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Rooney's contract quandary lingers
How to calculate the worth of Wayne Rooney to Manchester United? It’s quite the conundrum, and the beauty of it, as far as the player is concerned, is that he can just keep playing while others keep totting up his value.
Rooney’s status at his club is unmistakably high these days. Consider his input in the last few games: man of the match in inspiring a victory over Arsenal; scorer of one of the goals in Cardiff; dazzling at Bayer Leverkusen as the creator of four of United’s five strikes; main man once again at Tottenham with the goals to drag his team back into the game twice at White Hart Lane. Hardly bears thinking about where they would be without him.
After a summer that started so negatively when Sir Alex Ferguson left him out of his farewell match at Old Trafford because United’s number 10 had made noises about leaving, and the not-so-subtle stance that stewed through most of the summer market, the Rooney question was the trickiest problem for the incoming David Moyes to solve.
Coming into December, with Rooney in fantastic form, that appears to be the last thing Moyes has to worry about. On the surface that puzzle has been handled very effectively. But beneath the surface, the contract quandary lingers. Come the end of the season Rooney will have just one year left on his current deal.
If no improved terms are rubber stamped soon, United face the possibility that the player may choose to let his contract run down and take his pick of the clubs who will fall over themselves to sign a player of his caliber, who is still under the age of 30, for free. Of course, he may prefer to stay, but considering he is the man calling the shots off the field as well as hammering them in on it, it is United that have to sweat until he makes his next business move.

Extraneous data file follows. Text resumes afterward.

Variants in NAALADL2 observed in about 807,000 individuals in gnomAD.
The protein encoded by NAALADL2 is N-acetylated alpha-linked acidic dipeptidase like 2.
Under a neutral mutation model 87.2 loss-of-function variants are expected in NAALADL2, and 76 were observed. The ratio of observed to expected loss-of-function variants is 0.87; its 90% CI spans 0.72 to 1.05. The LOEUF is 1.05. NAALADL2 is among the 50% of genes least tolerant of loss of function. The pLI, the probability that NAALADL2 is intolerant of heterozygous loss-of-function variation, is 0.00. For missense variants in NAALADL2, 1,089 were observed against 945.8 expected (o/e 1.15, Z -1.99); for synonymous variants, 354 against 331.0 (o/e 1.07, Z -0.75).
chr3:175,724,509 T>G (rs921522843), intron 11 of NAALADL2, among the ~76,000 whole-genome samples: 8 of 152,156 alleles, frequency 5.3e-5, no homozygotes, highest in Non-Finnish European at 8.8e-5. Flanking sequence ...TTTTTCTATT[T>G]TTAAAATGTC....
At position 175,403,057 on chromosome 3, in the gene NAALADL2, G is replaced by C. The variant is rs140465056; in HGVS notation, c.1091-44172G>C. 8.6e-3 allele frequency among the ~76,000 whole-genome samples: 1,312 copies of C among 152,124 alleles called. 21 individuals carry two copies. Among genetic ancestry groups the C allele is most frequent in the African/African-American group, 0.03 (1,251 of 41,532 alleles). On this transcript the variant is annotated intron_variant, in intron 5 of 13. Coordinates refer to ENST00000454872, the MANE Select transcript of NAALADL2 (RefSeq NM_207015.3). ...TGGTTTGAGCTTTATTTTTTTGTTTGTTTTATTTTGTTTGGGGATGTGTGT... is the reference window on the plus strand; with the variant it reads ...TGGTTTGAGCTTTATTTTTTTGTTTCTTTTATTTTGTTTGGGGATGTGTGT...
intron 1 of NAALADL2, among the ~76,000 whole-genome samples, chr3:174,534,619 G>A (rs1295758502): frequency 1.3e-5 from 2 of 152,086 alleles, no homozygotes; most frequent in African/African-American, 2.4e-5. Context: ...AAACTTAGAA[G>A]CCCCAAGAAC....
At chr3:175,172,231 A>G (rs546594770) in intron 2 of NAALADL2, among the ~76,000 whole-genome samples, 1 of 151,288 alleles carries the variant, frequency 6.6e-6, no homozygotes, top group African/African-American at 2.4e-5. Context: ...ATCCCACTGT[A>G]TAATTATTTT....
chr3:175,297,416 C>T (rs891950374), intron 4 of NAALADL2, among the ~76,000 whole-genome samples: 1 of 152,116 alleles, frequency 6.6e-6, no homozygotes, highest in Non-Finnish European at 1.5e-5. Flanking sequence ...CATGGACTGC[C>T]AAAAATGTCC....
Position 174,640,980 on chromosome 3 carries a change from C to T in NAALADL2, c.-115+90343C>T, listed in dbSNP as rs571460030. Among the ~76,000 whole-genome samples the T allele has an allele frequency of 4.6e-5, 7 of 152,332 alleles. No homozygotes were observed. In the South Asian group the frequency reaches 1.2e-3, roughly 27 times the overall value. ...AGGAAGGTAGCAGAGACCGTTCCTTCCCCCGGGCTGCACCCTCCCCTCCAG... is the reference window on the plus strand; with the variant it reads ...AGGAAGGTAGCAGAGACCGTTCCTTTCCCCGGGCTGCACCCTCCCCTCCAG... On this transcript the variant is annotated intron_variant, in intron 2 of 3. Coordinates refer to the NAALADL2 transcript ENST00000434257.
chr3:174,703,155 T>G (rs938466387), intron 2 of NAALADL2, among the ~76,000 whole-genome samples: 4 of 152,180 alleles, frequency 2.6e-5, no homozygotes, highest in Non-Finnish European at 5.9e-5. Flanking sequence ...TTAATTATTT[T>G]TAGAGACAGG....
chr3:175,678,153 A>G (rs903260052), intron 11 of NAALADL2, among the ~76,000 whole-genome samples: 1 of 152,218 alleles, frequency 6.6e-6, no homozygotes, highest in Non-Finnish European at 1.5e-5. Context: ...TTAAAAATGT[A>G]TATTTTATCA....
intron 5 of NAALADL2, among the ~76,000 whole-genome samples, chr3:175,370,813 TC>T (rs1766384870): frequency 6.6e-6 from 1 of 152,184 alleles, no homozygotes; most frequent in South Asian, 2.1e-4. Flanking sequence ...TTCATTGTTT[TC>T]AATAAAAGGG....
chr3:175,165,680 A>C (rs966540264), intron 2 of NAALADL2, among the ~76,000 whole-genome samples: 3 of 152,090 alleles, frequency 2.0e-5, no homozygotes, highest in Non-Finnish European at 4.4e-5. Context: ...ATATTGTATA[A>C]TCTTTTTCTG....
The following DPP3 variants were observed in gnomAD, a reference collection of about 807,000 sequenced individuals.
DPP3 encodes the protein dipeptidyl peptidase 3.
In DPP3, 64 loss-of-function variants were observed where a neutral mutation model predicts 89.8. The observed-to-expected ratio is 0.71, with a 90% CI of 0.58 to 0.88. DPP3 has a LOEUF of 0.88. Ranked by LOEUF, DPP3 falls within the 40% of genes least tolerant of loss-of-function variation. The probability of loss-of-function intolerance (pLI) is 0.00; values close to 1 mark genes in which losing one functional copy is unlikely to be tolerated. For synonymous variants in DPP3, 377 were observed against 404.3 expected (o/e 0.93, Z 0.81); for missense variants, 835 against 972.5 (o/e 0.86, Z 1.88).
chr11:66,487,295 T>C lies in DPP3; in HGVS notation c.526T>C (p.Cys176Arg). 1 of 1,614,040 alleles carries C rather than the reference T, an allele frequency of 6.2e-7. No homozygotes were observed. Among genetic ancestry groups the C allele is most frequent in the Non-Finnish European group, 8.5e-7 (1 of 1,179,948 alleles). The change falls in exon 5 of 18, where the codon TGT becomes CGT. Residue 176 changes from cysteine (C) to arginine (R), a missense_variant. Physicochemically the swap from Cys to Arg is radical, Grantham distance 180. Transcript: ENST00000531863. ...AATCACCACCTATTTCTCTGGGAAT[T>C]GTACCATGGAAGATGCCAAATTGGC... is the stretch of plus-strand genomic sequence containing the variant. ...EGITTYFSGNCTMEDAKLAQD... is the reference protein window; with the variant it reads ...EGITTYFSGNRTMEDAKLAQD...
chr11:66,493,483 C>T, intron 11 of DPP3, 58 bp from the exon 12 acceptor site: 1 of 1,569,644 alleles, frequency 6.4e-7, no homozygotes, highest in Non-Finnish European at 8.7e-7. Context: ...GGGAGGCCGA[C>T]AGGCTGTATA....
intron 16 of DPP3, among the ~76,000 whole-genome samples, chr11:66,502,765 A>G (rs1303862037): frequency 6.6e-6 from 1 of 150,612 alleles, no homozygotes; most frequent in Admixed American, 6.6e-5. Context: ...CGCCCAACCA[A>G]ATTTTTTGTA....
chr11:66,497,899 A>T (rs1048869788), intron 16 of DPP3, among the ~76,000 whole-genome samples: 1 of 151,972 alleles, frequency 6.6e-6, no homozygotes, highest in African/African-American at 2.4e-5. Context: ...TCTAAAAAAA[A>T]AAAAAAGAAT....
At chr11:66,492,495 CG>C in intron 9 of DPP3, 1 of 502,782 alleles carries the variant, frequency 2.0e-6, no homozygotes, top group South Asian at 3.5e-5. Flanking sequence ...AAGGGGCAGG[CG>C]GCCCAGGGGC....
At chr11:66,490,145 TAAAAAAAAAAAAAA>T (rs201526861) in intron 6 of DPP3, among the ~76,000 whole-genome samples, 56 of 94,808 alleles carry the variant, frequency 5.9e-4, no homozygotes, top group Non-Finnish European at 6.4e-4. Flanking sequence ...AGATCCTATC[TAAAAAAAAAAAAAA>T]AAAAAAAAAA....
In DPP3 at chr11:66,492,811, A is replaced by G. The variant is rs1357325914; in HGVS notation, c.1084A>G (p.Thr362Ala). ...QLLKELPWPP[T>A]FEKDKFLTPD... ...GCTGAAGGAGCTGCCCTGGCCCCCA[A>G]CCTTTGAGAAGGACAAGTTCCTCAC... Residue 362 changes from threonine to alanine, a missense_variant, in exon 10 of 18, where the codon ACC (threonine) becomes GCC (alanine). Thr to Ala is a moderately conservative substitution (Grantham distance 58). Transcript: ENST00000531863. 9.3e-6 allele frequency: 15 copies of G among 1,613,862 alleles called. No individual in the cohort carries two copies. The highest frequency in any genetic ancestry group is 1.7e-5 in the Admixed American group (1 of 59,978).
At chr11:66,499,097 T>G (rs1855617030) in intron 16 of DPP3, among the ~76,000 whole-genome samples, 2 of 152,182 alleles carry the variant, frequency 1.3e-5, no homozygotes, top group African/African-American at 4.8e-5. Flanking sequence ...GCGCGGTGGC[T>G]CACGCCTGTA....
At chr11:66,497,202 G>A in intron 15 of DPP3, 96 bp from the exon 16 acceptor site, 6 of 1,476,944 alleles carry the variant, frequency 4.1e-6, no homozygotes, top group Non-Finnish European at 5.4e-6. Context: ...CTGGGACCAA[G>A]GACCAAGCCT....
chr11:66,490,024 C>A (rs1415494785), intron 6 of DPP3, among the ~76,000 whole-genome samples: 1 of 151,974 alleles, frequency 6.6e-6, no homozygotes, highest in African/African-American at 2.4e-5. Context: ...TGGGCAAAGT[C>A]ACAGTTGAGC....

Moyes has done his bit by making sure the bridges were built to get him back in the fold and re-invigorated after a complex summer. Now Ed Woodward, United’s Chief Executive, has to make his own impression on the club by sorting out the next stage of the Rooney situation. The maiden transfer window for Moyes and Woodward had all the impact of a damp dishcloth. If they can collectively sort out Rooney’s long term future that will give them more leverage for the future.
Recently, Woodward told the United We Stand fanzine that keeping Rooney when he was dissatisfied over the summer was a "unique" situation. "It was important that we made our position very clear," he added. "I am delighted he is still wearing red. He is irreplaceable and phenomenal to watch."
Rooney and his advisors hold all the cards. They have played the game with United once before and come out of it with their pockets bulging thanks to a fat new contract. Three years ago he handed in a transfer request, to the astonishment of Ferguson. In an autobiography two years later Rooney described it as "the greatest miskate of my football career." Oddly, though, it wasn’t enough of a mistake to prevent him from making similarly unsettling noises again just before Ferguson’s retirement.
There are some who can’t find it in themselves to instantly fall back in love with someone who has been flirting elsewhere, but the moral and emotional debates tend to be forgotten once high-quality performances are delivered. Considering the way Rooney is playing -- with trademark zeal and effort embellished with a knack for goals -- the emphasis once again is on United to implore Rooney to extend the relationship.
The team stand eight in the Premier League table, and nine points off the lead. Moyes quite reasonably described that as a "concern." But United would be considerably worse off without his contributions. They know it. He knows it. The contract timebomb continues to tick.
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